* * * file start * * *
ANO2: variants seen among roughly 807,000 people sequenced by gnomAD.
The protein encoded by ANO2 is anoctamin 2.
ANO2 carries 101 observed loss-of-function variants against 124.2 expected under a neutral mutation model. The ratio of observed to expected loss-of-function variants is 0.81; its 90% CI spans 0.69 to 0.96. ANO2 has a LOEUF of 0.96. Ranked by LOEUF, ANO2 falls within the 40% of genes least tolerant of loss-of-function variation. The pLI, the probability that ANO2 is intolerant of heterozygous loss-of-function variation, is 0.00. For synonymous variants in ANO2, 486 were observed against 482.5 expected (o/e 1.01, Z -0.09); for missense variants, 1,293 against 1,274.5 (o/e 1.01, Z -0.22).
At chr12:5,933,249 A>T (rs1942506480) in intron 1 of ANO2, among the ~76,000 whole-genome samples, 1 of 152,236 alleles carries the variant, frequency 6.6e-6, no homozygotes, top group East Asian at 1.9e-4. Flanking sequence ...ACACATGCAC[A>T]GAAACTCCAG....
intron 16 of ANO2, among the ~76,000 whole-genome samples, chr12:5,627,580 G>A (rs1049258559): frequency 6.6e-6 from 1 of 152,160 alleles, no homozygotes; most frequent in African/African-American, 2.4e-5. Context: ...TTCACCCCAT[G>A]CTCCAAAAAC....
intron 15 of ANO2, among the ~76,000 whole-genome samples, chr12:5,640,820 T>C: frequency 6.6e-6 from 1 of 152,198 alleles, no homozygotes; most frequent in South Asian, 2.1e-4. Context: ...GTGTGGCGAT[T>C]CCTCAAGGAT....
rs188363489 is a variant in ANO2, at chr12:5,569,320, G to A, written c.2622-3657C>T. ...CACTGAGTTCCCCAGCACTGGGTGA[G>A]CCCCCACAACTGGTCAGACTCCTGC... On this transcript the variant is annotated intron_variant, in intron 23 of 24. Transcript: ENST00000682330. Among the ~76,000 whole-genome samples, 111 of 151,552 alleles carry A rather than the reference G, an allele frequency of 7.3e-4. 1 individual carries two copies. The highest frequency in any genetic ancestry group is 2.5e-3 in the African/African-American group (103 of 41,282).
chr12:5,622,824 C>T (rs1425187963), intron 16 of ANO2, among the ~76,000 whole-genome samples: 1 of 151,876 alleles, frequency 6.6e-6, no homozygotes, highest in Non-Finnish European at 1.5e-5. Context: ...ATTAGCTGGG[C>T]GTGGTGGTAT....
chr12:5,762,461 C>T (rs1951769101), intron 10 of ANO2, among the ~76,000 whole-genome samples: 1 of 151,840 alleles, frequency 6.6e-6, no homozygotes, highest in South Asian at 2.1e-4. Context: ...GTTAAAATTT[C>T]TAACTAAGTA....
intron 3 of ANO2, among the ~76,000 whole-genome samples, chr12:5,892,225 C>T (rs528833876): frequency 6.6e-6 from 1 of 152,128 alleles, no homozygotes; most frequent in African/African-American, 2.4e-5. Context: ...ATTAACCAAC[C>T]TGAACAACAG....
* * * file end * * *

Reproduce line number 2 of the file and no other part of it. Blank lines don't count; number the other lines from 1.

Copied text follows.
The protein encoded by ANO2 is anoctamin 2.